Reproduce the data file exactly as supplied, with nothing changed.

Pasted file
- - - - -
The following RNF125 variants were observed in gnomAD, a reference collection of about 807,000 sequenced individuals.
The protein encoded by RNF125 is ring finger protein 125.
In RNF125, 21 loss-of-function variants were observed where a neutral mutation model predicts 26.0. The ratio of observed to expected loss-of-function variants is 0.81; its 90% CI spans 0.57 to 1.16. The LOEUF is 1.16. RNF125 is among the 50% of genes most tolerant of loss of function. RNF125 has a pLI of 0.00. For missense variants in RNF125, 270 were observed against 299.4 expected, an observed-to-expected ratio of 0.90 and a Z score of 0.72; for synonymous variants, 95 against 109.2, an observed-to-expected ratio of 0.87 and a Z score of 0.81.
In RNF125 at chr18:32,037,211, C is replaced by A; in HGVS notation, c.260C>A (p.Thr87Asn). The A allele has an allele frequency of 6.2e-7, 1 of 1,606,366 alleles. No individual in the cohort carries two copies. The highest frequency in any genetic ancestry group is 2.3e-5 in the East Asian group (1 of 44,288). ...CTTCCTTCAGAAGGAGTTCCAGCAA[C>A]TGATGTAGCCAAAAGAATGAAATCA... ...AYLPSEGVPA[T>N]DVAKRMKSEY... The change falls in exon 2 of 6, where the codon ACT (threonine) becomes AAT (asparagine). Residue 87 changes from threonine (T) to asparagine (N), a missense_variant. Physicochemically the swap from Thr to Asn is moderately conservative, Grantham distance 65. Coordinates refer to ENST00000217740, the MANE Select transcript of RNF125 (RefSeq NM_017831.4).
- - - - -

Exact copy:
The following RNF125 variants were observed in gnomAD, a reference collection of about 807,000 sequenced individuals.
The protein encoded by RNF125 is ring finger protein 125.
In RNF125, 21 loss-of-function variants were observed where a neutral mutation model predicts 26.0. The ratio of observed to expected loss-of-function variants is 0.81; its 90% CI spans 0.57 to 1.16. The LOEUF is 1.16. RNF125 is among the 50% of genes most tolerant of loss of function. RNF125 has a pLI of 0.00. For missense variants in RNF125, 270 were observed against 299.4 expected, an observed-to-expected ratio of 0.90 and a Z score of 0.72; for synonymous variants, 95 against 109.2, an observed-to-expected ratio of 0.87 and a Z score of 0.81.
In RNF125 at chr18:32,037,211, C is replaced by A; in HGVS notation, c.260C>A (p.Thr87Asn). The A allele has an allele frequency of 6.2e-7, 1 of 1,606,366 alleles. No individual in the cohort carries two copies. The highest frequency in any genetic ancestry group is 2.3e-5 in the East Asian group (1 of 44,288). ...CTTCCTTCAGAAGGAGTTCCAGCAA[C>A]TGATGTAGCCAAAAGAATGAAATCA... ...AYLPSEGVPA[T>N]DVAKRMKSEY... The change falls in exon 2 of 6, where the codon ACT (threonine) becomes AAT (asparagine). Residue 87 changes from threonine (T) to asparagine (N), a missense_variant. Physicochemically the swap from Thr to Asn is moderately conservative, Grantham distance 65. Coordinates refer to ENST00000217740, the MANE Select transcript of RNF125 (RefSeq NM_017831.4).